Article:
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At Least It’s Not The Skulls…

When you’re on a hunt for a new best friend, one of the key moves is to sign up for various activities. I wouldn’t say every activity—some perfectly glorious events just don’t lend themselves to socializing—but you’d be surprised how many different organizations base their entire evenings around ending up at a bar for a bonding session. Since January, I’ve signed up for mixer events ranging from straight mingling to volunteering to theater to running. This fall I’ll do my first religion-and-socializing group.

One of the most fascinating aspects of infiltrating all these worlds has been to see how passionate a subsociety exists within each one. They’re like fraternities with a twist. Special languages, internal politics, even their own forms of hazing. I kid you not.

Take last night. A new friend invited me to join her for a Hash House Harriers run in Chicago. I had no idea what I was getting into. Because I didn’t have time to do my own research, I said yes before I really knew what I was saying yes to. All I knew was that hashers (as they’re called) are self-proclaimed “drinkers with a running problem.” I took this to mean that there would be some running, and then later there’d be some drinking. Turns out the drinking—and socializing—happened before, during and after the run. Other things I didn’t know till I showed up: Everyone goes by a code name—my run included Bubbles, Corn Star, Horny, and Rumpspringa; there is a song—usually a dirty one—for every occasion, and there’s an entire hashing vocabulary, one that would take me six months, at the very least, to master.

Similar insider knowledge—vocab, politics, inter-org relationships—has emerged in other activities. At lunch after my One Brick outing, I listened in on a conversation about who got to be EM and EC, and who wanted the positions but were rejected (EC is event coordinator and EM is event manager, though none of the insiders used the full titles). Improv, which is definitely growing on me, comes with its own set of VIPs. And when I went to showtunes night at a gay bar last Sunday (totally my mother ship calling me home), I felt like an outsider since I wasn’t in on the call and response for each song.

There’s something fascinating—and reassuring—to the concept that no matter what you like to do, there is almost certainly a community out there dedicated to it. And that in each community there are die-hards, occasional members, and the people who fall everywhere in between.

In one sense these cultish subcultures are reminiscent of the college greek system. They include secret society hooplah that you must know in order to feel a part of the group. The non-sorority aspect of it though is that anyone can join. You don’t have to rush or be chosen. If you want to run around town with the Hash House Harriers (any town! It’s worldwide), you’ll be welcomed with open arms. They love Hash virgins. Believe me, I now know this to be true.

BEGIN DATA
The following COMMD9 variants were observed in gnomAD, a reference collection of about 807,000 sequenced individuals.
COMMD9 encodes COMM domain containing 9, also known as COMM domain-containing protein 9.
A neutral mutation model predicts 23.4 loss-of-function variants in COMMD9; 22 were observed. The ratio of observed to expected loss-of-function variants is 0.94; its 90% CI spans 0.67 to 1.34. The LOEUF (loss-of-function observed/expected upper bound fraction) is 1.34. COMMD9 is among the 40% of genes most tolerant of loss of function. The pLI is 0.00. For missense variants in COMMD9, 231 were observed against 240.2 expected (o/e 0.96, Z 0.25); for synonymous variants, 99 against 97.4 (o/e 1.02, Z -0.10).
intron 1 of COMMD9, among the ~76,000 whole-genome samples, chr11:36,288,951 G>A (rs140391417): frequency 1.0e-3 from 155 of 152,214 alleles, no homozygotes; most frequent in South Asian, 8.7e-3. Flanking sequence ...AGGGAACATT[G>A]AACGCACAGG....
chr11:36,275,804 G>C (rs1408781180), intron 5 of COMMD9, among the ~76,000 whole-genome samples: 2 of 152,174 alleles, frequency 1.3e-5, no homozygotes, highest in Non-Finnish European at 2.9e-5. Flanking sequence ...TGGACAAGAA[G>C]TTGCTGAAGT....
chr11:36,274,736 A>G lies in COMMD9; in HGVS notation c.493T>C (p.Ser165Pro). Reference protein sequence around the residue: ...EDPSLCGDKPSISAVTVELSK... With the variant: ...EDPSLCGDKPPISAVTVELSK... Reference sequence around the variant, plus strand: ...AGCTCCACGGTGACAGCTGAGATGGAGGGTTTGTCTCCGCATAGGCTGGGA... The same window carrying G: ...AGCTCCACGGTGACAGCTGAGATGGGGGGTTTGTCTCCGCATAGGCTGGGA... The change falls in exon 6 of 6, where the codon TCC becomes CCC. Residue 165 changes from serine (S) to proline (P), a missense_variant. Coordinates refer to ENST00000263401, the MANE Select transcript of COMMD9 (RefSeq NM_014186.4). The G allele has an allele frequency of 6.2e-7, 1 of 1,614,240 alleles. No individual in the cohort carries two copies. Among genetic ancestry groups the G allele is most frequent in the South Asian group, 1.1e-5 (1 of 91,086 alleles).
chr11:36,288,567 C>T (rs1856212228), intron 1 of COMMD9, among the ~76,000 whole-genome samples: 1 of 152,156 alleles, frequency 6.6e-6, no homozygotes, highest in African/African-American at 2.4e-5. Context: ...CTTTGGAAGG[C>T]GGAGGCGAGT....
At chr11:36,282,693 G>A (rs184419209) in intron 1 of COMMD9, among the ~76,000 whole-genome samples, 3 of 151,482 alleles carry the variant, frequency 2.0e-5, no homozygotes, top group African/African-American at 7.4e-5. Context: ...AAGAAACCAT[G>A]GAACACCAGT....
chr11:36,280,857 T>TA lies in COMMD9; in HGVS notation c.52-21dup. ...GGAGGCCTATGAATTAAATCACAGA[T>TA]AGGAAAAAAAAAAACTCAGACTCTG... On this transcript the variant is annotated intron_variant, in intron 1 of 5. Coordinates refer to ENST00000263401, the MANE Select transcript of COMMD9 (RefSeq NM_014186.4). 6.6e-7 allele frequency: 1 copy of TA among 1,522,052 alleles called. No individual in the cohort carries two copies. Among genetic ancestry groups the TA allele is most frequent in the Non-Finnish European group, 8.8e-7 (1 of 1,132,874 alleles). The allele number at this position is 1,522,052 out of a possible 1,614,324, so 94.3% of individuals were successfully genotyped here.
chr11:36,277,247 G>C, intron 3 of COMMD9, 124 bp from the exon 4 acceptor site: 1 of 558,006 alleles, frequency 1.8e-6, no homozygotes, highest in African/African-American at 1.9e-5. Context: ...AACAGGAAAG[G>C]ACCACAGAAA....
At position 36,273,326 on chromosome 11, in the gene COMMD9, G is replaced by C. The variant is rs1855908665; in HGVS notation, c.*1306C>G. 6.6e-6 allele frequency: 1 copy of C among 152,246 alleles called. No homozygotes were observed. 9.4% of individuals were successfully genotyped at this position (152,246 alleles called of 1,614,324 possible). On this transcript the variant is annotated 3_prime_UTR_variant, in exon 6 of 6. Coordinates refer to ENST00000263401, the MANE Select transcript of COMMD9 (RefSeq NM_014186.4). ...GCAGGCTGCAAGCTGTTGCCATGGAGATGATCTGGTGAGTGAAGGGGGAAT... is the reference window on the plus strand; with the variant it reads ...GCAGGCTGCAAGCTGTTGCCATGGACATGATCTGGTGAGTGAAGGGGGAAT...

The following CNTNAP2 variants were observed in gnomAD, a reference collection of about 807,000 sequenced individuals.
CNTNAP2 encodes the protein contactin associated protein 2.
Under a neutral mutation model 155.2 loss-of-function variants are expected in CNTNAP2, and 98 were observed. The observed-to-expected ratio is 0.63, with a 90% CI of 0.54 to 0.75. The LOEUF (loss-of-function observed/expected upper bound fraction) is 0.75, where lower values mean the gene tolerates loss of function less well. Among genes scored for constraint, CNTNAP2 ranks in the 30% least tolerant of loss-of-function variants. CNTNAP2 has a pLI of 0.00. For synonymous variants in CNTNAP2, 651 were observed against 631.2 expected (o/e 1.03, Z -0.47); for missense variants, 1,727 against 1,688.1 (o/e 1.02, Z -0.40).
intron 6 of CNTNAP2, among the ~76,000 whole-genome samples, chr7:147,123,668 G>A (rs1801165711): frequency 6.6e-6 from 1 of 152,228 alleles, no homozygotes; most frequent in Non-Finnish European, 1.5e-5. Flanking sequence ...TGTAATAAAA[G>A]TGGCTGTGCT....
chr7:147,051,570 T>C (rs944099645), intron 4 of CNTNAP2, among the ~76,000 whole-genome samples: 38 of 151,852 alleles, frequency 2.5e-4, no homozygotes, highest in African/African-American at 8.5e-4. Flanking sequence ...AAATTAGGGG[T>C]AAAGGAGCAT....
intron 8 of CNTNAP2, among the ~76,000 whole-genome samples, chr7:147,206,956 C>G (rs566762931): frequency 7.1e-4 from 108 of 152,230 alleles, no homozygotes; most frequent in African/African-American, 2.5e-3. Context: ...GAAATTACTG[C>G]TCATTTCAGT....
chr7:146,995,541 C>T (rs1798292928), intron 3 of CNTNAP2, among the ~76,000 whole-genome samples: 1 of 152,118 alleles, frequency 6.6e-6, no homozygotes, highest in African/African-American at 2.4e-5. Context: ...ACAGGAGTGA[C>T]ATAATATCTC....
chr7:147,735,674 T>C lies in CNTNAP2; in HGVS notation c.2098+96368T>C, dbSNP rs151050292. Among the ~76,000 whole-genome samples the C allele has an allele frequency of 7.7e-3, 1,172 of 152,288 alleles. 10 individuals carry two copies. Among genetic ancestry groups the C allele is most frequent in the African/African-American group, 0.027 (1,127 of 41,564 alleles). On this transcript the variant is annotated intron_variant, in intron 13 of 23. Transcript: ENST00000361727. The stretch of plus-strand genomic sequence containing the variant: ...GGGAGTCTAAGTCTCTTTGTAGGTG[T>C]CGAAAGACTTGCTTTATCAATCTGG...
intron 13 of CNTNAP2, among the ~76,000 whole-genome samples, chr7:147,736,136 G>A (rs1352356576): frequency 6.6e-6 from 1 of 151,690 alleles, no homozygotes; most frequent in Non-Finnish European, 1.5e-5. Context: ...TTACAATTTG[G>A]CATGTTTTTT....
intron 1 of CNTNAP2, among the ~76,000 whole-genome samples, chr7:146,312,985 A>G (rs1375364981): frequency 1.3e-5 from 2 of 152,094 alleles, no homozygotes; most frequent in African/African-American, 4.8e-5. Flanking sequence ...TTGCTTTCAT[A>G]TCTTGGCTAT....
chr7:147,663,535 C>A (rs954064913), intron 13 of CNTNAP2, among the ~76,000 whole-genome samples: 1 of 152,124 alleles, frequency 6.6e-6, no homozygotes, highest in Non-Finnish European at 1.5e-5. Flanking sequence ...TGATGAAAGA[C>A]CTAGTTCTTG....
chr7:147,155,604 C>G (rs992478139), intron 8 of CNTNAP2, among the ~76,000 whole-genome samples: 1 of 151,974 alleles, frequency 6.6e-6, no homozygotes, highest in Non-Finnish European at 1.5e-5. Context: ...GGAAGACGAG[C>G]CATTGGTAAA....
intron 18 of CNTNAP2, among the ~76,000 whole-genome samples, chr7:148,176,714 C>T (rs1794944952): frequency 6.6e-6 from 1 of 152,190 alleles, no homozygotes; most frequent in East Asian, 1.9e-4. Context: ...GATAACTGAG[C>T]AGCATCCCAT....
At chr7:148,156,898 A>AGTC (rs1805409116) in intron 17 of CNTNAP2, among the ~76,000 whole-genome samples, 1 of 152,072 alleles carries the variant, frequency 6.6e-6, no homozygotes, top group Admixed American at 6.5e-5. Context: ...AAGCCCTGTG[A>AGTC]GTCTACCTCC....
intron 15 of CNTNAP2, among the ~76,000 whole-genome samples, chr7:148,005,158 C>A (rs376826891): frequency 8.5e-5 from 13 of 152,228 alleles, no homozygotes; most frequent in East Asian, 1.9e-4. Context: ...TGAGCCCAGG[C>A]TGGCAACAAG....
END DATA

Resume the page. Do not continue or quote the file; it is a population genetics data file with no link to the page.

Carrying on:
Inside jokes and knowledge, when you know them, are the fastest track to feeling included. Over these months I’ve learned that the organizations with all these “secrets” are almost always the same ones that people are most passionate about. Participants who are fluent in hashing, say, are super comfortable at the event. Then there’s me, the random girl in the corner who only understands every third word. But the more you feel a part of a society, the more loyalty you feel toward it. And suddenly you’re going back every week, and you have to fend of the potential BFFs with a stick.

Have you witnessed other subcultures—speechmaking, yoga, rollerblading—that have a subsociety of dedicated members? Were you put off by them, or were you eager to join in? I feel like these communities, once you find one you like and immerse yourself, make the BFF search easier by giving a sense of belonging. Do you agree or am I crazy?

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When Worlds Collide

First things first. Last week marked six months of this blog. As a bit of recognition of this half-birthday, MWF Seeking BFF now has a Facebook page. You can “like” the page for blog updates, discussions, or just to be friendly. Like it by clicking here, or on the little Facebook button on the right. Thanks! I really appreciate it.

One of the things that blows my mind when it comes to Facebook is when two people I know in entirely different contexts—one from camp, say, and another from a work project—are somehow connected. Maybe I’ll notice them in a photo together, or one will comment on the other’s wall. I can think of three times in the last month that this has happened. Every time my first reaction is “Whaaaaa???”

It’s always funny when worlds collide. I think of the different phases of my life—elementary and middle school, high school, college, camp, work—as totally separate. When they start to mix, however it is that they might meet, my mind gets all boggled. But why? If I get along with all these people, it stands to reason that they might hit it off with each other.

This happens most at weddings. The happy couple’s different worlds collect in one place, and you just never know the connections that might emerge. This weekend, on my way back to the hotel after Callie’s wedding, one of her friends from college turned to me and said “There are so many worlds colliding right now my head is about to explode!”

There are two schools of thoughts on world collision. Some people are psyched, because suddenly all the friends and family they want to spend time with are friends themselves. You get two-for-one playdates. You are a connector.